Saturday, December 22, 2012

at the coffee house

At The Coffee House

Found this cartoon while researching this weekend's edition of Historicist. I can sympathize with the frustrated diner -- a couple of months ago a friend and I experienced a lengthy delay at a Corktown brunch spot we had liked. Over an hour passed before we discovered our order had slipped through the cracks.

Usually the 100-year wait while dining in Toronto is for the bill. I usually dash to the cash when it's time to go, regardless of the grumbly looks this occasionally inspires.

Source: the News, December 31, 1887.

Monday, December 17, 2012

bonus features: prudish about pinball

This post provides supplementary material for a Torontoist article about the evolution of Toronto's pinball machine regulations, which you should read before diving into the following text.

I began my research for the article by going back to the 1930s, when guardians of morality began pressing to curb or eliminate pinball machines. On my first run through the Star archives, one of the earliest references to pinball I found was on the kids page of the May 5, 1934 edition. Problem: it wasn’t the pinball I was looking for:

Sunday, December 16, 2012

past pieces of toronto: the paradise cinema

From November 2011 through July 2012 I wrote the "Past Pieces of Toronto" column for OpenFile, which explored elements of the city which no longer exist. The following was originally posted on January 29, 2012. At this point, the column went from biweekly to weekly. This entry also seems like a good one to repost now with news that the Paradise has been sold.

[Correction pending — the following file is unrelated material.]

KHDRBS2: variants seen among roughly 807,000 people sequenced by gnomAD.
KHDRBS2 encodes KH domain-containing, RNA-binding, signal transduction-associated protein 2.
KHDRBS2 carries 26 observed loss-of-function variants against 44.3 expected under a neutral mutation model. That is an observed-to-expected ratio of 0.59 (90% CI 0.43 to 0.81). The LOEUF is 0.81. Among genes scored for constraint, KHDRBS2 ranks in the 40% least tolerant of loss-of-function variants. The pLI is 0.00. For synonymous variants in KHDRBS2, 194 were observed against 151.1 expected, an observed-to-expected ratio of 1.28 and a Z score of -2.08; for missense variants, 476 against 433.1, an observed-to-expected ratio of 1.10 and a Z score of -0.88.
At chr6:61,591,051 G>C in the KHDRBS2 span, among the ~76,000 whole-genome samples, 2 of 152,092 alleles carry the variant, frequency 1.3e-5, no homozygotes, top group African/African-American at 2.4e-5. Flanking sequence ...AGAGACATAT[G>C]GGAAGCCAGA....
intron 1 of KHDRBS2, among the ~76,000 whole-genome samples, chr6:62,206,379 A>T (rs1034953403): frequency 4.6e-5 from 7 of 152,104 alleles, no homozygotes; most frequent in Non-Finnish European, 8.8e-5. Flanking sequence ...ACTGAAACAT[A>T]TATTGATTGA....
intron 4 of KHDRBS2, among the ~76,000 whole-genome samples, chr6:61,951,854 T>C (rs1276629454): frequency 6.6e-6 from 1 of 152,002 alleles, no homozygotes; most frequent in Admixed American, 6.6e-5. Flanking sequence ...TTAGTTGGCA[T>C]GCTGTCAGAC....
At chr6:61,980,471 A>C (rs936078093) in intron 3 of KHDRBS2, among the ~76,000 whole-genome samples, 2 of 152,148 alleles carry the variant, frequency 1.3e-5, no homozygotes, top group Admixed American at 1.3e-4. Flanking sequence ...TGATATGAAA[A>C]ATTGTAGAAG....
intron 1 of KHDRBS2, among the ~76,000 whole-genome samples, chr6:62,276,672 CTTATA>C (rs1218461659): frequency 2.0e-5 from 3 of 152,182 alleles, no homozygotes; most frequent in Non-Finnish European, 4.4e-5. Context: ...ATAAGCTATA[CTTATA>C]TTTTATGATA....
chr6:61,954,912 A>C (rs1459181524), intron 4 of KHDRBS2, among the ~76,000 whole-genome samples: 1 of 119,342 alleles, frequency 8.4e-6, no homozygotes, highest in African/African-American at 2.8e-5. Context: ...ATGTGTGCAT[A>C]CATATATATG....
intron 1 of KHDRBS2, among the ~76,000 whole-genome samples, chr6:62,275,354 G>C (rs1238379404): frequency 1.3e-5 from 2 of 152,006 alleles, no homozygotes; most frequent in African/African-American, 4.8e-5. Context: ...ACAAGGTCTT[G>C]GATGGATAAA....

Goodbye Paradise

Personal story: the first time I went to the Paradise was to see Robert Altman’s Nashville. The print was faded, but watchable; my seat was in rougher shape. The armrest was barely attached to the rest of the chair with either duct tape or chewing gum. While some people would have hightailed it to the nearest theatre with stadium seating, the improvised fix gave the Paradise a certain charm.

Opened around 1937, and known for a time as the New Paradise, it was a neighbourhood cinema that served the community around Bloor Street West and Westmoreland Avenue. Notes in the City of Toronto Archives indicate the Paradise suffered from its share of mishaps in the projection booth. When the theatre was built, it was quickly discovered the projectors were not aligned with the portholes looking out into the auditorium. In a letter to the Motion Picture Censorship and Theatre Inspection Branch, manager L. Jefferies reported that during the screening of the serial Daredevils of the West on December 9, 1943, “the film broke at a notched sprocket hole causing one frame to burn through the aperture. The operator was right beside his machine and, without the aid of a fire extinguisher, was able to stop the film from burning any further and, inside of one minute the picture was again on the screen, the projection machine not being damaged in any way.”